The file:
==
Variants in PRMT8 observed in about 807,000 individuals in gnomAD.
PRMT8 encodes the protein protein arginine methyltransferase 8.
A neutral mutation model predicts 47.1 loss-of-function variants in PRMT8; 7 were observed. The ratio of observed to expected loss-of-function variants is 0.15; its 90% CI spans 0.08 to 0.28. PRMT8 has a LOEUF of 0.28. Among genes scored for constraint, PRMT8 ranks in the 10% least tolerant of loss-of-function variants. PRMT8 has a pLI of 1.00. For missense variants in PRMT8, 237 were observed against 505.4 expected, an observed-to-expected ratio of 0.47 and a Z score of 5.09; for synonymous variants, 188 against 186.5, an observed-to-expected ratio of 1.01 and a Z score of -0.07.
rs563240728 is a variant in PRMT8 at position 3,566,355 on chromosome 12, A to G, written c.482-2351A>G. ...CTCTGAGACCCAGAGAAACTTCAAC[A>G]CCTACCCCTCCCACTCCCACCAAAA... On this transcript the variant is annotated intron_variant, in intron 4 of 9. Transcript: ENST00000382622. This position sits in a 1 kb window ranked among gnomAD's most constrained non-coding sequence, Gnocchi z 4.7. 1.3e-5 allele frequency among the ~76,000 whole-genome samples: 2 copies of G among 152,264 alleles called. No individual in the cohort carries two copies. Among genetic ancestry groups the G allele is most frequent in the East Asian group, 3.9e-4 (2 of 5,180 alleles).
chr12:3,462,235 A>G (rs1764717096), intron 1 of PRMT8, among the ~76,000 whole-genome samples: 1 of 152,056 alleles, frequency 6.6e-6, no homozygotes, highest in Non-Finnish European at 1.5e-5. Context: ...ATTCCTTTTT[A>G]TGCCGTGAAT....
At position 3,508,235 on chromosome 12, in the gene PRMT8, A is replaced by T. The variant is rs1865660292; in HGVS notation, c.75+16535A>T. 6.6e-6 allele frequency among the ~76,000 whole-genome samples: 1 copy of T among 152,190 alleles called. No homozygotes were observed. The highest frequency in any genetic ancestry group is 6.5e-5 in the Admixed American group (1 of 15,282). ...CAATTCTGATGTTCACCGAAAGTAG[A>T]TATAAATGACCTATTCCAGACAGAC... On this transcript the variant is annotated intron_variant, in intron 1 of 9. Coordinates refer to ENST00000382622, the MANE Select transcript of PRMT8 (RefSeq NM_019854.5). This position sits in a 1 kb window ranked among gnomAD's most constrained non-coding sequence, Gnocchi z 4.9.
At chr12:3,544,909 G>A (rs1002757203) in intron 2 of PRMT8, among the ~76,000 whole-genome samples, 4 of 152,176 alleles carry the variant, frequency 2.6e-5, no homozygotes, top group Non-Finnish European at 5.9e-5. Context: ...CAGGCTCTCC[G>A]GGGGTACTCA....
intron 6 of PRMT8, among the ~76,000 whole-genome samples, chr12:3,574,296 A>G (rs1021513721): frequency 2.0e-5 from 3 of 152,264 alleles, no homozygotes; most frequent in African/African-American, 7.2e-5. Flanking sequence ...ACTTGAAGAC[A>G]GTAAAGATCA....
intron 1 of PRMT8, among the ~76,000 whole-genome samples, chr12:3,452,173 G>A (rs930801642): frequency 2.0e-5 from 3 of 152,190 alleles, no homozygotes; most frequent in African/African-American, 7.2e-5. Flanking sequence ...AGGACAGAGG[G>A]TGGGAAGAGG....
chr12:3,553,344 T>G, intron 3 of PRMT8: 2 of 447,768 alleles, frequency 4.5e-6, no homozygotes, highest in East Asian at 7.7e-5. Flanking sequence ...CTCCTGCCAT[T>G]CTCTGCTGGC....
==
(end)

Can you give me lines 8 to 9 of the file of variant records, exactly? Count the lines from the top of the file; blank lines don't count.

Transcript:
intron 6 of PRMT8, among the ~76,000 whole-genome samples, chr12:3,574,296 A>G (rs1021513721): frequency 2.0e-5 from 3 of 152,264 alleles, no homozygotes; most frequent in African/African-American, 7.2e-5. Flanking sequence ...ACTTGAAGAC[A>G]GTAAAGATCA....
intron 1 of PRMT8, among the ~76,000 whole-genome samples, chr12:3,452,173 G>A (rs930801642): frequency 2.0e-5 from 3 of 152,190 alleles, no homozygotes; most frequent in African/African-American, 7.2e-5. Flanking sequence ...AGGACAGAGG[G>A]TGGGAAGAGG....